Abraham, the father of the Jewish nation, existed around 1750 BC. There is evidence that the Egyptians have existed since around 10,000 BC. There is plenty of evidence that religious ideas from the Egyptians and Babylonians were borrowed by the Jewish priests when they wrote the creation story while they were in Babylonian captivity around 500 BC. The Jewish New Testament writers also borrowed many ideas from the same sources.
Some of the following excerpts are from the book "Egyptian Mythology" by Don Nardo
"The Egyptians also believed in an afterlife. All hoped that after death they would cross into the Underworld, ruled by the god Osiris, where they would enjoy pleasant lives for eternity. They believed that it was not the physical body, but the soul, that survived after death."
Resurrection and being made Lord of the afterlife
Osiris, one of the Egyptians primary 9 gods, was the kindly god of fertility. He was killed by his jealous brother Seth. The wife of Osiris, Isis, was able to use magic to bring him back to life. They were together again for one night before he departed the Earth and was made lord of the underworld by Ra, the main god.
God created a lesser god who created everything
Before the time of Joseph and Moses the belief system at the Egyptian city Thebes was that the god Atum was the "First One who gave birth to the first ones" (the other 7 gods). At Hermopolis they believed that there were 8 gods that created Atum who created humans and animals. [Christians later believed that God the Father created Jesus who created the world and all living things. Jesus is said to of been "the beginning of the creation of God" (Rev 3:14), "the firstborn of every creature" (Col 1:15), begotten (born, brought forth) of God (Heb 1:5 "Thou art my Son, this day have I begotten thee"), and having come from God (John 16:28 "I came forth from the Father").]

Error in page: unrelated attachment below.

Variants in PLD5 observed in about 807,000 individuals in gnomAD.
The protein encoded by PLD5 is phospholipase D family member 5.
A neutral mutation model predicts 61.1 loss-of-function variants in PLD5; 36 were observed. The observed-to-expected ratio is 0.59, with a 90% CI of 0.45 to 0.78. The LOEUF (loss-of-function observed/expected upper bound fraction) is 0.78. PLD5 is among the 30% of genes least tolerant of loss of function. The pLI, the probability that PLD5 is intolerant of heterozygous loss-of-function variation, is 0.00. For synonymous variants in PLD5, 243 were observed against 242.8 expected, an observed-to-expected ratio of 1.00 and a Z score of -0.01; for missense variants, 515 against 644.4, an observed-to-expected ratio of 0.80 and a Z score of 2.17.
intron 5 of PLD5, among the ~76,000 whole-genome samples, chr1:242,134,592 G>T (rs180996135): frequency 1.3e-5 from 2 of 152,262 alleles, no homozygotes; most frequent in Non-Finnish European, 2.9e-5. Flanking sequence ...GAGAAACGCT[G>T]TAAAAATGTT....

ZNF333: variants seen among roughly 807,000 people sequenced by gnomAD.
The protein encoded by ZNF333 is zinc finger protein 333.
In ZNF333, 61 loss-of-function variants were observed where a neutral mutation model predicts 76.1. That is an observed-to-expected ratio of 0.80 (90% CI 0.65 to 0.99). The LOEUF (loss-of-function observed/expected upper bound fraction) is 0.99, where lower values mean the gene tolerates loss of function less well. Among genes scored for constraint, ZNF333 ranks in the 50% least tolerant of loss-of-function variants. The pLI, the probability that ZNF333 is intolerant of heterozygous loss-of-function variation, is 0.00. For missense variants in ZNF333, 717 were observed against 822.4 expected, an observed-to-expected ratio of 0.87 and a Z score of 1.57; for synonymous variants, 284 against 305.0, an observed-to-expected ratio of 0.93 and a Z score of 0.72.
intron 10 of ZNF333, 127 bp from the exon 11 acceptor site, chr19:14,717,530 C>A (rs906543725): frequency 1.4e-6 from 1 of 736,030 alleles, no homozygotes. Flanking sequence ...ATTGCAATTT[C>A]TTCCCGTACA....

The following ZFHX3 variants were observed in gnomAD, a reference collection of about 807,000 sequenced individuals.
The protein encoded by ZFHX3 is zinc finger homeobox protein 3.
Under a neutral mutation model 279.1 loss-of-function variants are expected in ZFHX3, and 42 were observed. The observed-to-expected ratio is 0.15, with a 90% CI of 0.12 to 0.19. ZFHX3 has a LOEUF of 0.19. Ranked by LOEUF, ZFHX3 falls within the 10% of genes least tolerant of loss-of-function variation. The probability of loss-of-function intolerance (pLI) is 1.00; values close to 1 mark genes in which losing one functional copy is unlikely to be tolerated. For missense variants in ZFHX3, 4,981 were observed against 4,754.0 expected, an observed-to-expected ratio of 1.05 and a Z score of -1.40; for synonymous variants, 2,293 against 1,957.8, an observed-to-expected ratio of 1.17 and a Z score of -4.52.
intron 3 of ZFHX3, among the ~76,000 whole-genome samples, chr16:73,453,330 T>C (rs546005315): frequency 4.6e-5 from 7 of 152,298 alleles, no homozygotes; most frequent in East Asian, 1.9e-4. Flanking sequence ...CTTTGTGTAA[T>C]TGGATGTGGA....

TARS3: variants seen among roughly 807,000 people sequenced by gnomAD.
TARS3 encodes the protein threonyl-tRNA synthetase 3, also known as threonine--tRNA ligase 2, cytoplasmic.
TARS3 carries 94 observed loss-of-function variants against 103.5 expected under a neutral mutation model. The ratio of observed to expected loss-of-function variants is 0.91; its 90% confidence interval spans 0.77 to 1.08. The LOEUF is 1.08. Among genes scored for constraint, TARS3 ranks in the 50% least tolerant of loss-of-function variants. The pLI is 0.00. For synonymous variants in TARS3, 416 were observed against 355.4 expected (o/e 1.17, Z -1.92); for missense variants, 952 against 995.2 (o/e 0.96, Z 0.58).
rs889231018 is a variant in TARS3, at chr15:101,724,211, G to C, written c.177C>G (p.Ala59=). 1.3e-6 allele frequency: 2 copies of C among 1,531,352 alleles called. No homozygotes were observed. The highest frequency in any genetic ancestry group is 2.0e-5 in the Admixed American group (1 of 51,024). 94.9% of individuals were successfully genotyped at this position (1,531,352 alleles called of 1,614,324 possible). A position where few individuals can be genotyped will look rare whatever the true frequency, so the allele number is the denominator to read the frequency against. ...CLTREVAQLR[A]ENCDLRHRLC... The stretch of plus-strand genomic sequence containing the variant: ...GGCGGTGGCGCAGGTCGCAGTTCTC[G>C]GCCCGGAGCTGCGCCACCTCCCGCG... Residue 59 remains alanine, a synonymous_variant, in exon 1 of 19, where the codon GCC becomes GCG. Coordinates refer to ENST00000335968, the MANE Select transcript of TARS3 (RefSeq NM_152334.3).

"In the beginning there was only chaos, which stretched dark and silent throughout all space and eternity. A time came, long ago, when a dramatic and wonderful event transformed nonexistence into existence. This was the creation of Amun, the First One, the king of the Gods, the maker of all things. No other god was needed to make him. Amun somehow created himself, in an invisible secret way that no human being has ever known or will ever discover. As Amun mysteriously sprang into being the deathly stillness of the cosmos was shattered by his magnificent piercing voice. This mighty blast set in motion all the rest of creation. The priests at Thebes said that first the mighty Amun created the other seven gods. Next Amun took the form of the first dry land. On this so-called primeval mound he proceeded to create the Ennead, the group of nine gods. At this time Amun also created the ram-headed god Khnum and all the other gods, spirits, and demons that inhabit the sky, earth, and Underworld. In addition, in the center of the primeval mound Amun fashioned the first city - sacred Thebes - where at first many of the gods made their home. After these strenuous acts of creation Amun rose into the sky and assumed the shape and features of the life-giving sun (in which form he is often called Amun-Ra). As he looked down from above a new phase of creation began, namely that of the earth and the humans that inhabit it. To complete this task Amun chose the ram-headed god Khnum, one of the two Lords of Destiny. The destiny Khnum controlled was that of the human race. He proceeded to model the first humans on his divine potters wheel. Khnum began by fashioning the bones from a special clay. Over this inner frame he molded skin, veins carrying blood, and various organs including these for digestion, breathing, and having children. But though the physical forms were complete, they did not yet possess the sparks of life, including movement and thought. So Khnum breathed into his creations, passing to them some of his own life force and thereby animating them. With the aid of Amun on high, Khnum rolled back the dark waters surrounding the primeval mound, thus exposing more dry land. And on this new land he helped the first people to establish new cities, most of them modeled on the plan of the sacred Thebes. Khnum also populated the new land, which became known as Egypt, with all manner of living beasts, from birds to fish, to crocodiles, to beetles; and he made trees, crops, and other plants to grow in abundance on the face of the earth."